Seven defendants in the Oregon wildlife refuge standoff trial were acquitted Thursday, including brothers Ammon and Ryan Bundy, in what the New York Times calls a "surprise" development and a huge "blow" to federal prosecutors. "I knew that what my husband was doing was right, but I was nervous because the judge was controlling the narrative," Ryan Bundy's wife told the Times in a phone interview. "But they saw the truth. I am just so grateful they saw it." Also surrounding the bombshell announcement:
- ABC News recaps the case and answers some important questions, including a look back at how the occupation started and ended, what exactly went down in court (including Ammon Bundy's attorney getting stun-gunned), and what's now at stake.
- Lane Crothers at the New York Daily News notes there are two things about the verdict that "should scare all Americans." The first, per Crothers, is that it was a "clear case of jury nullification," in which the jurors were swayed by their own opinions rather than the letter of the law. The second? Well, Crothers says it's tied to Donald Trump, as well as to "a resurgence of the violence that was once endemic across the American West."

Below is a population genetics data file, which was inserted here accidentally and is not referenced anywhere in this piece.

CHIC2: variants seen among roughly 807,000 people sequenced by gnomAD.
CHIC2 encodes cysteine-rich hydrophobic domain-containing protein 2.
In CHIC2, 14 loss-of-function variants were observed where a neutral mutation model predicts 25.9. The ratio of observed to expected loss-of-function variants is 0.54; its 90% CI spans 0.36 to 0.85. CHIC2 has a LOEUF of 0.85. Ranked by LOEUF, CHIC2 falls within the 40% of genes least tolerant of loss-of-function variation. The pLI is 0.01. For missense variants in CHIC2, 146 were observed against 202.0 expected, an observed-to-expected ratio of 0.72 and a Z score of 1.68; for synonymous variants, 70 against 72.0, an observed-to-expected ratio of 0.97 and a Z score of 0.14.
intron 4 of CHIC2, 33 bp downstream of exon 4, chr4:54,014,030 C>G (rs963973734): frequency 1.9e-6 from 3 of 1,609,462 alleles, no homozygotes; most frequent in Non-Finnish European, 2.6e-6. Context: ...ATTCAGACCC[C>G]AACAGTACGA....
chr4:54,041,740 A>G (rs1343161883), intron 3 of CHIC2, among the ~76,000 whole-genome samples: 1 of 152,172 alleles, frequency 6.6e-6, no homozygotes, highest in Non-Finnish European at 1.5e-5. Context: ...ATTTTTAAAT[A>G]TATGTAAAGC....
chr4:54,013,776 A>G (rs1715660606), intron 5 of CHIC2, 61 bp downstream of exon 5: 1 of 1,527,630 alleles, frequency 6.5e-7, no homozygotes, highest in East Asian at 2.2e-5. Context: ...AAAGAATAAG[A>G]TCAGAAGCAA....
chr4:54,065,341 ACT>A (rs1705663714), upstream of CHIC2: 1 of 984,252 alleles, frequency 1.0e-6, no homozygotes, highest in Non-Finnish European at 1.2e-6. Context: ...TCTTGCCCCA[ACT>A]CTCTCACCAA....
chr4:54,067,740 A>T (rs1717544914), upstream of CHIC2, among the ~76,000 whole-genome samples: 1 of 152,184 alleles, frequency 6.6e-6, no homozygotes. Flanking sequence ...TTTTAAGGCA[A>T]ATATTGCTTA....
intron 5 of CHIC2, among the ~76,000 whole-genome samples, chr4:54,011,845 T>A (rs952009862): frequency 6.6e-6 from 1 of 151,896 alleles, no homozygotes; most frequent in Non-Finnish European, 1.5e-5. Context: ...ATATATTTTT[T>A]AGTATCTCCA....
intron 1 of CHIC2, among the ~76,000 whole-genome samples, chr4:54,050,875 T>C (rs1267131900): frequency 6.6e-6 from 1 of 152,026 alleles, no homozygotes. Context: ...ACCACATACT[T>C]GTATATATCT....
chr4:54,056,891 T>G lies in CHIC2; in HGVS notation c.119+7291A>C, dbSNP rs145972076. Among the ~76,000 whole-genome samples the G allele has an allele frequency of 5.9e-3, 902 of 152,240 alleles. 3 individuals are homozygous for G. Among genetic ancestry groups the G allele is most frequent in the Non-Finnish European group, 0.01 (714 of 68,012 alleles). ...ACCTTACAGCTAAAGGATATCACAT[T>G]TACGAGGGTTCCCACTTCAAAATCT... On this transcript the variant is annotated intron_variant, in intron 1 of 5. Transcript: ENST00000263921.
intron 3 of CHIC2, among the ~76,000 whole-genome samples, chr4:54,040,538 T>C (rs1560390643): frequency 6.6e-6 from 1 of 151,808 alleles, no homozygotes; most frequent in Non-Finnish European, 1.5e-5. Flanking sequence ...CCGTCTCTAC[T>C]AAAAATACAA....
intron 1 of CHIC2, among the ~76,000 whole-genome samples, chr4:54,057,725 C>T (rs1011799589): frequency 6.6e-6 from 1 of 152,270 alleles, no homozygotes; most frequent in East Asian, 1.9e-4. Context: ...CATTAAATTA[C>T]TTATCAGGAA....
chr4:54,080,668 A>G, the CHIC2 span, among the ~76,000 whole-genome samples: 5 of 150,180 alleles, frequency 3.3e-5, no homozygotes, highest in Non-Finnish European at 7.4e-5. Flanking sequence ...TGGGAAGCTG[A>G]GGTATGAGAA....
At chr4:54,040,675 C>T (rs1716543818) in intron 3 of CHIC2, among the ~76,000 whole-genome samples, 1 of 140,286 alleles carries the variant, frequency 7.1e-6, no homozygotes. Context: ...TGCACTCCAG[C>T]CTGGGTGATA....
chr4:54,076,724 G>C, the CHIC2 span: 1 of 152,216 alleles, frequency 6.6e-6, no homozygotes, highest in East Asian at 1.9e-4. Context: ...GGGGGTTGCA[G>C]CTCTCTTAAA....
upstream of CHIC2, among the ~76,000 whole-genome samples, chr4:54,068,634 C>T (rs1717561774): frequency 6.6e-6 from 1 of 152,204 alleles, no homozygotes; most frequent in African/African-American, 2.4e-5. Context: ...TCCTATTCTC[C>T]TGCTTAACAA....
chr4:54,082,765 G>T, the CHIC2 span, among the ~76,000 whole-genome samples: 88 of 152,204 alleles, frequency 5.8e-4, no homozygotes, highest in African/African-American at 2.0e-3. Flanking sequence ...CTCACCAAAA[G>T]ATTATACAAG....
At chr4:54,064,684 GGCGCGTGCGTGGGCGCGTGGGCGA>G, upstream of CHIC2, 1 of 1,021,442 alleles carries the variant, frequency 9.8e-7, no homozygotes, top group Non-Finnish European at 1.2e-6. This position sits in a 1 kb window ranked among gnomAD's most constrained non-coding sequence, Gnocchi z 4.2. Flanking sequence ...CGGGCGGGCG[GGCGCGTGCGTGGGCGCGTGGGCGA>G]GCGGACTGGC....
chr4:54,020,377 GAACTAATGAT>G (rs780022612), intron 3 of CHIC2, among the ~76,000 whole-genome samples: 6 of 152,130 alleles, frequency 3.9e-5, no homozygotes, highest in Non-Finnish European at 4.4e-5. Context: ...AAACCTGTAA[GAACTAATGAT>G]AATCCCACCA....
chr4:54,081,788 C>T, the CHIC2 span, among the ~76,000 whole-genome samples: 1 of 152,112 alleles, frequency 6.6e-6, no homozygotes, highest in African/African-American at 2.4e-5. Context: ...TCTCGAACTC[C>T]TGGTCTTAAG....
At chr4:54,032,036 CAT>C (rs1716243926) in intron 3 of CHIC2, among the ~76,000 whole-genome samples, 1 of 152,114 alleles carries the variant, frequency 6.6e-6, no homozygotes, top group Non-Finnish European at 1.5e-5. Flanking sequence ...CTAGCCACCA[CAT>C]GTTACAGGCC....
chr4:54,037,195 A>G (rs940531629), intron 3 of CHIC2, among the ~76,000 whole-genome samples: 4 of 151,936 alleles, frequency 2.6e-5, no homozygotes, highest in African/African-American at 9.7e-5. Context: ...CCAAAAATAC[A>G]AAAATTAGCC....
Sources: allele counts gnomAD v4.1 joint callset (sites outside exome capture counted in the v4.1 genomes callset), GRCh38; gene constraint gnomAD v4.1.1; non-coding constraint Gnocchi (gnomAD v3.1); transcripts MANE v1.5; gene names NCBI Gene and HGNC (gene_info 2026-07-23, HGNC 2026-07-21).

- The Oregonian points out how the verdict has "[deepened] divides" among the locals. While almost everyone seemed shocked by the verdict, which way their moods veered differed. One local businesswoman and rancher lauded the "great news" and noted "we need to continue getting back in control and not having 40% of our county under public employment." But another resident's take? "It's absolutely devastating. It's awful. We're just disgusted with the verdict."
- Comparisons have been drawn between what happened to the Malheur Seven on the wildlife reserve and what's currently going on with the Native-America Lakota protests to the Dakota Access Pipeline—including the very different federal response to both. NPR examines how the Bundy brouhaha has actually united Native Americans to save their land.
- Shaun King spells out for the Daily News what really led to Thursday's jury decision in "America 2016": white privilege.
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